...but the movie death car, in which Faye Dunaway and Warren Beatty met their demise, is 40 miles north at the Hollywood Cars Museum.

Sure, it can be a bit morose or even morbid to ogle dead celebrities' belongings and movie props riddled with bullets, but the creepiest part of this Vegas car museum for me was its display of unsettling mannequins.

Whether they were meant to be mechanics...

...or princes of the pump...

...they're a reminder that you never know who or what you might run unto in Vegas.

Because Vegas isn't just any one thing. And whatever it is at any given moment, it's bound to change soon enough.

But maybe Vegas will always be where Hollywood goes to escape—and yet finds something altogether familiar.

Related Posts:
Photo Essay: At Home With Mr. Las Vegas
Giving Thanks on the Vegas Strip
Life's a Gamble

Friday, December 8, 2017

Photo Essay: The Greek Orthodox Cathedral That Hollywood Built

I've spent most of my life being unorthodox and doing unorthodox things. And although I don;t consider myself religious, I have a lot of respect for a certain kind of orthodoxy that compels people to express their piety in elaborate architecture, ornamentation, and iconography.

It seems like a good way to channel religiosity—give it up to whatever or whomever you worship, and keep your sanctimony without being too sanctimonious.

And maybe it'll be so pretty that infidels like me can't resist going in.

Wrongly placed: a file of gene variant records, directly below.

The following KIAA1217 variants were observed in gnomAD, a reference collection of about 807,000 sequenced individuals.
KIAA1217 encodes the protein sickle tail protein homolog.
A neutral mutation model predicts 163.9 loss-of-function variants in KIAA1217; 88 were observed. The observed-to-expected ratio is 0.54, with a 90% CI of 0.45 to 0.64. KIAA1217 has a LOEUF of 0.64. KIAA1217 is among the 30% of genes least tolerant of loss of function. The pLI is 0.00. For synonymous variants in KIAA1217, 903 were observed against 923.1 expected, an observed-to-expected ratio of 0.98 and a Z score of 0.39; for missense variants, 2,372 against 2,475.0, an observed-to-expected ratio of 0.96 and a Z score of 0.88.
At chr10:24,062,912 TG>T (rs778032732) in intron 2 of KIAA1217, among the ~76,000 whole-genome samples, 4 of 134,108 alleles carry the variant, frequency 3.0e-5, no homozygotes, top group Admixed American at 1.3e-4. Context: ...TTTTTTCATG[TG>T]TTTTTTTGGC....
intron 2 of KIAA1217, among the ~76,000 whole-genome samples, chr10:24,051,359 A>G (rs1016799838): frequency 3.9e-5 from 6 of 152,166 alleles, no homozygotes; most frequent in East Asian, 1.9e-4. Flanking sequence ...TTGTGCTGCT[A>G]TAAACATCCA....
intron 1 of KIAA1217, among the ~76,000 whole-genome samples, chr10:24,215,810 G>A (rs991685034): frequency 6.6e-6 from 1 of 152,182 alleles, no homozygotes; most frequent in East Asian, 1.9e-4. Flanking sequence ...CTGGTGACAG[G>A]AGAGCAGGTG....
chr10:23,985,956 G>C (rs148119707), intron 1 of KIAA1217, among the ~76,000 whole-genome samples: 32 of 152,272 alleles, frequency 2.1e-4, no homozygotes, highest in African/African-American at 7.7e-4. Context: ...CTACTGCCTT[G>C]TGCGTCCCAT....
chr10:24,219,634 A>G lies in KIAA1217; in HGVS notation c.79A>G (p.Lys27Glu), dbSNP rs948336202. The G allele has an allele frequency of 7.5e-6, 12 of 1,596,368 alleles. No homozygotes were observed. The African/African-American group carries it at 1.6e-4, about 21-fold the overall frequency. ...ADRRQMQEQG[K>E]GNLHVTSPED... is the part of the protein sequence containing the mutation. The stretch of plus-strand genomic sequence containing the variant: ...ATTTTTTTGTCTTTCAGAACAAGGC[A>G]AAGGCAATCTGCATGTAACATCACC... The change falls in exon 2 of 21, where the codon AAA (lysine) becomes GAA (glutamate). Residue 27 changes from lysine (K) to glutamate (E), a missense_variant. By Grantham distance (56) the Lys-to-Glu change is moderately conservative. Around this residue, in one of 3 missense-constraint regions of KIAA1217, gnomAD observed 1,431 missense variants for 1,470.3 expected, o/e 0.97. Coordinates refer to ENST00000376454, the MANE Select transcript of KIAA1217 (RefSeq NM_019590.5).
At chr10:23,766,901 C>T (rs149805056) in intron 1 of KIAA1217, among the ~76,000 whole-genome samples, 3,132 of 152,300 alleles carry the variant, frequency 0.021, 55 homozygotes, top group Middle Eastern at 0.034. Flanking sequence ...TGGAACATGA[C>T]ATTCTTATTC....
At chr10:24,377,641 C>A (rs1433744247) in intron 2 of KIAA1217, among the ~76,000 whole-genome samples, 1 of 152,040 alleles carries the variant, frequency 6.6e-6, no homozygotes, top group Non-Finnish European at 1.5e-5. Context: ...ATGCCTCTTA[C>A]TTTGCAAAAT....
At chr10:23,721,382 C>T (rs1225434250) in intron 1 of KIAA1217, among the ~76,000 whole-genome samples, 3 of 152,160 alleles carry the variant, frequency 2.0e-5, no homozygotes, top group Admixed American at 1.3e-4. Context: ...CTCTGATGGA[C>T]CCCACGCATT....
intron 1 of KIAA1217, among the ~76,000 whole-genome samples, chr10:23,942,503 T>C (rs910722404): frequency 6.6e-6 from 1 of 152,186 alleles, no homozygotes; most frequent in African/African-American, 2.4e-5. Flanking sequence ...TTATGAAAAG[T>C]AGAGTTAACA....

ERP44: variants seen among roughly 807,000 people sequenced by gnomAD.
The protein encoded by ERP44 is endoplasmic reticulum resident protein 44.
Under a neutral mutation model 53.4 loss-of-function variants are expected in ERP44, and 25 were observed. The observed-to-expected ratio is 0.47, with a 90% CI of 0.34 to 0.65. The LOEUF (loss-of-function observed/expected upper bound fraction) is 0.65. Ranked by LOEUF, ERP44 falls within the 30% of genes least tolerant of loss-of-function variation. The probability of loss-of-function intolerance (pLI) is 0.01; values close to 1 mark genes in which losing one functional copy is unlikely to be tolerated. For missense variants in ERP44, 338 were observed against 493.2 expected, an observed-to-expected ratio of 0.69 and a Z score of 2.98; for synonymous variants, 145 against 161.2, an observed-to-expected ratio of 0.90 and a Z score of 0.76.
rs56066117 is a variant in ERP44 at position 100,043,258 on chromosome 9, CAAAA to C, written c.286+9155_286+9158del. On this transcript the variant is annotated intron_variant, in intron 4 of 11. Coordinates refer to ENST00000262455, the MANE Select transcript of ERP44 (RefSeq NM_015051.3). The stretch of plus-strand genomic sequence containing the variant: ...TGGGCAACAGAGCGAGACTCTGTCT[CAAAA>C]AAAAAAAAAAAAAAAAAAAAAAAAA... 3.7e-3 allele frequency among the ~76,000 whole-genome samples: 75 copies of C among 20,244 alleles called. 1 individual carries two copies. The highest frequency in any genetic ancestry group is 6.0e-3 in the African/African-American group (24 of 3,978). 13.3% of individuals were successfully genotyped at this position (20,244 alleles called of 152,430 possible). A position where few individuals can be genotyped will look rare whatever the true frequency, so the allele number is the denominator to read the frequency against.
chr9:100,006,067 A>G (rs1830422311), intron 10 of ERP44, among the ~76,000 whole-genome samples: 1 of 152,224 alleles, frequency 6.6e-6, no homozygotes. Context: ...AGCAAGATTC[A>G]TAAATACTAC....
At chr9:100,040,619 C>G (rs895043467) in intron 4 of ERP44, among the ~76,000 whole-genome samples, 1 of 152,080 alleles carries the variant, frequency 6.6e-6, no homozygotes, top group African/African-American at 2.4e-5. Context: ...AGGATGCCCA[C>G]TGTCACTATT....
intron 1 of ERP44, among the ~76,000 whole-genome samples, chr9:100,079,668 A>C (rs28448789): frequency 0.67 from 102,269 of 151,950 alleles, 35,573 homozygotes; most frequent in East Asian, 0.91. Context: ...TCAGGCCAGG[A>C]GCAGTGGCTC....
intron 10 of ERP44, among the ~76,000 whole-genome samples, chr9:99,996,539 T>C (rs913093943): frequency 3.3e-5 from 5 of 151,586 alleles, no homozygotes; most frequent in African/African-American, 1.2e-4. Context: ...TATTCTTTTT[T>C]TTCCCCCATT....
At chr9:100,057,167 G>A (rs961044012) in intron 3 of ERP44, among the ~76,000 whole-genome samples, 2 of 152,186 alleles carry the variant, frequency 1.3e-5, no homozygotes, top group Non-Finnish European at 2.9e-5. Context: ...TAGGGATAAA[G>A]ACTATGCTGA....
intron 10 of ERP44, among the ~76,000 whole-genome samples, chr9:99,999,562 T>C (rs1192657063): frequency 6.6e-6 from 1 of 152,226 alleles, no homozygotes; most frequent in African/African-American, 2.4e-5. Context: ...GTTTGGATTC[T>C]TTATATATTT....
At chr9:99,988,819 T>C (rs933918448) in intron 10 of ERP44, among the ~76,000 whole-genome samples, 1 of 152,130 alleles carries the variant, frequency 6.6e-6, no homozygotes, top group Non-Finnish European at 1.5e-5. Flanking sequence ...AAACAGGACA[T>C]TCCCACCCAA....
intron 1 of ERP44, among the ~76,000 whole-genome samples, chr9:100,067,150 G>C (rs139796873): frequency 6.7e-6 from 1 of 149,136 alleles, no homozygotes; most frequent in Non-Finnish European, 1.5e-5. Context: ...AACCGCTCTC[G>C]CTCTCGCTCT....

I found this to be true with the Orthodox cathedrals and chapels in Ukraine; and when I came back from the former Eastern Bloc, I found myself drawn to another Orthodox institution: Saint Sophia Cathedral.

It's Catholic, but it's not Roman Catholic, so I still found it somewhat exotic—though supposedly this version of Catholicism predates all other versions of Christianity (or, as we call them, denominations), going all the way back to the so-called "birth of the Church" (and that is, indeed, Church with a capital "C").

The Roman Catholics didn;t begin to split off until the 11th Century, creating a great divide between East and West.

And that more or less coincided with the time when religion really became an act of war (a.k.a The Crusades).

But before everything got so muddied up with all this infighting, there was a line that led directly back to the apostles of Jesus, and the was The Church, the Orthodox Church (that is, ορθά δόξα, or "right glory").

Then again, there are a lot of churches that claim the same direct line and the same "rights" to sacred sites and traditions.